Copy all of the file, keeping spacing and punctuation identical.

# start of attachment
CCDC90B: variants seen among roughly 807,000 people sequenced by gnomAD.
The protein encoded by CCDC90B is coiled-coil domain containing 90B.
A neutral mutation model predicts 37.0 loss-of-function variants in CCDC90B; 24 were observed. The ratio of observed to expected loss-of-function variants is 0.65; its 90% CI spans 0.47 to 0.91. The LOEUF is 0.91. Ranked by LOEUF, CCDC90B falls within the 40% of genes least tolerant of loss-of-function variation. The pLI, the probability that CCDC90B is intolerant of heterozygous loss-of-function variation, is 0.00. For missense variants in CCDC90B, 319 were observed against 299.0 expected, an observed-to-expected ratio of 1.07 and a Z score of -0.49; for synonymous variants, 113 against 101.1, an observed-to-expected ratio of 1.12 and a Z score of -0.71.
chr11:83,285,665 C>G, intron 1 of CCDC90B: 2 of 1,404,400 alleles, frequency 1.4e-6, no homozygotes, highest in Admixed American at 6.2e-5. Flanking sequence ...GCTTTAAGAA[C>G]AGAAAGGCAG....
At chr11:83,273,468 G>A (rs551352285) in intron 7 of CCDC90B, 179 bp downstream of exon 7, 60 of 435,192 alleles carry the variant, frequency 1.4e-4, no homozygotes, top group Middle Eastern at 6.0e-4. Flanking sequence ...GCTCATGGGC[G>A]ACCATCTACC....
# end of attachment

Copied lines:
CCDC90B: variants seen among roughly 807,000 people sequenced by gnomAD.
The protein encoded by CCDC90B is coiled-coil domain containing 90B.
A neutral mutation model predicts 37.0 loss-of-function variants in CCDC90B; 24 were observed. The ratio of observed to expected loss-of-function variants is 0.65; its 90% CI spans 0.47 to 0.91. The LOEUF is 0.91. Ranked by LOEUF, CCDC90B falls within the 40% of genes least tolerant of loss-of-function variation. The pLI, the probability that CCDC90B is intolerant of heterozygous loss-of-function variation, is 0.00. For missense variants in CCDC90B, 319 were observed against 299.0 expected, an observed-to-expected ratio of 1.07 and a Z score of -0.49; for synonymous variants, 113 against 101.1, an observed-to-expected ratio of 1.12 and a Z score of -0.71.
chr11:83,285,665 C>G, intron 1 of CCDC90B: 2 of 1,404,400 alleles, frequency 1.4e-6, no homozygotes, highest in Admixed American at 6.2e-5. Flanking sequence ...GCTTTAAGAA[C>G]AGAAAGGCAG....
At chr11:83,273,468 G>A (rs551352285) in intron 7 of CCDC90B, 179 bp downstream of exon 7, 60 of 435,192 alleles carry the variant, frequency 1.4e-4, no homozygotes, top group Middle Eastern at 6.0e-4. Flanking sequence ...GCTCATGGGC[G>A]ACCATCTACC....